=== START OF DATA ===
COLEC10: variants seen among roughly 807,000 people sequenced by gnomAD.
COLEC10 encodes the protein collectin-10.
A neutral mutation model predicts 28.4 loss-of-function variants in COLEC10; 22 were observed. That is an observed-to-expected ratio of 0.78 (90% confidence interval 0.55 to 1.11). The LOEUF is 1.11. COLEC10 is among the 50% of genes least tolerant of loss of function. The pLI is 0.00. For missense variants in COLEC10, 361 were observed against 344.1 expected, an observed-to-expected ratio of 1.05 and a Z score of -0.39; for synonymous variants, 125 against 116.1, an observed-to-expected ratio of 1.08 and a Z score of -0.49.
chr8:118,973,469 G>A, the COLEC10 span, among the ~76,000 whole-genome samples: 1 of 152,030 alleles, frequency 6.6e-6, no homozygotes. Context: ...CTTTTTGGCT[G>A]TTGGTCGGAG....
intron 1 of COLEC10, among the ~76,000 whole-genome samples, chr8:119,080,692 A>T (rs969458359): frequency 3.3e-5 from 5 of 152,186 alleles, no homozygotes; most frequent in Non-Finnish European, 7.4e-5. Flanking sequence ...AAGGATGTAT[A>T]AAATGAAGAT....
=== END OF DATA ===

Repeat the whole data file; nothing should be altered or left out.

COLEC10: variants seen among roughly 807,000 people sequenced by gnomAD.
COLEC10 encodes the protein collectin-10.
A neutral mutation model predicts 28.4 loss-of-function variants in COLEC10; 22 were observed. That is an observed-to-expected ratio of 0.78 (90% confidence interval 0.55 to 1.11). The LOEUF is 1.11. COLEC10 is among the 50% of genes least tolerant of loss of function. The pLI is 0.00. For missense variants in COLEC10, 361 were observed against 344.1 expected, an observed-to-expected ratio of 1.05 and a Z score of -0.39; for synonymous variants, 125 against 116.1, an observed-to-expected ratio of 1.08 and a Z score of -0.49.
chr8:118,973,469 G>A, the COLEC10 span, among the ~76,000 whole-genome samples: 1 of 152,030 alleles, frequency 6.6e-6, no homozygotes. Context: ...CTTTTTGGCT[G>A]TTGGTCGGAG....
intron 1 of COLEC10, among the ~76,000 whole-genome samples, chr8:119,080,692 A>T (rs969458359): frequency 3.3e-5 from 5 of 152,186 alleles, no homozygotes; most frequent in Non-Finnish European, 7.4e-5. Flanking sequence ...AAGGATGTAT[A>T]AAATGAAGAT....